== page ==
I work for a small MSP with a slant towards MS products. Over the last 3 years or so there has been an explosion in requests for Lync / Skype for Business across the industry as a whole.

    Most of the time, we've installed SfB as a single VM (standard edition) using SIP trunks (although sometimes we needed to stay with ISDN so needed a SBC to get that plumbed in), or for larger clients that need HA and even DR for telephony, we've deployed the full enterprise edition of SfB (so 12 VM's for no spof's / HA, and then the same again in another site for the DR element).

    Customers love it, with the biggest challenge being the culture shift. I disagree about the need for DDI's. A lot of modern, SIP focused PBX's these days have phone numbers as a simple abstraction layer to the user's actual SIP address. Nobody in our office has a DDI (other than me, for testing naturally!). Everyone call out, and each department has it's own response group (e.g. hunt group) that people can call in for. We also have a IVR where you can pick your department.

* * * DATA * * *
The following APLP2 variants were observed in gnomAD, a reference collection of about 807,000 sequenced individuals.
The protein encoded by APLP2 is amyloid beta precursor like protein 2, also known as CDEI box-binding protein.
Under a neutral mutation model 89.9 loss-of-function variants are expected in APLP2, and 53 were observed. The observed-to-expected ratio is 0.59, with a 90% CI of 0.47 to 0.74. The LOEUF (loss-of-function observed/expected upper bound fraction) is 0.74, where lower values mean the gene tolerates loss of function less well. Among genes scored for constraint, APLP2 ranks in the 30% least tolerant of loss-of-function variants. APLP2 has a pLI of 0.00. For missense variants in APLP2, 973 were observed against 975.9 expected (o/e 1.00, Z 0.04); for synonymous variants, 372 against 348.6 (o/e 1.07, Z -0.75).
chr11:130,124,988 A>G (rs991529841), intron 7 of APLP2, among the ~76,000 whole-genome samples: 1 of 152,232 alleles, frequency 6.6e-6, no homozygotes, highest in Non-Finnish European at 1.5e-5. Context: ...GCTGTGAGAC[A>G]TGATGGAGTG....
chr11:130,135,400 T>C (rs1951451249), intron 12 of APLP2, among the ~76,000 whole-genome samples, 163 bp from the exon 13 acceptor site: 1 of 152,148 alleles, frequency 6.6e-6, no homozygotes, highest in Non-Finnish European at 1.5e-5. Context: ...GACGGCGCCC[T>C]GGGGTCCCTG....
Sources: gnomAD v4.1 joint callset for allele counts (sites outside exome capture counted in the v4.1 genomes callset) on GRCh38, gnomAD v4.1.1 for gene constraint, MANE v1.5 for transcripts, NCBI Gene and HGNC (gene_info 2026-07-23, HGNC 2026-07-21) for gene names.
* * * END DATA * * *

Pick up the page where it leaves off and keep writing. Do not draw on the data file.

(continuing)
Users expect:

    - A dial tone

    - A ring-ring noise when a call is holding in a hunt group

    - Phone numbers for each phone

    - That physical handsets are where the number lives

    The above are all perfectly reasonable, as that's how traditional PBX's operate. But in the world of SIP, and in particular SfB (but most other modern PBX's) things work a little different:

    - There is no dial tone

    - When holding in a hunt group, you get music or whatever audio file the PBX admin has specified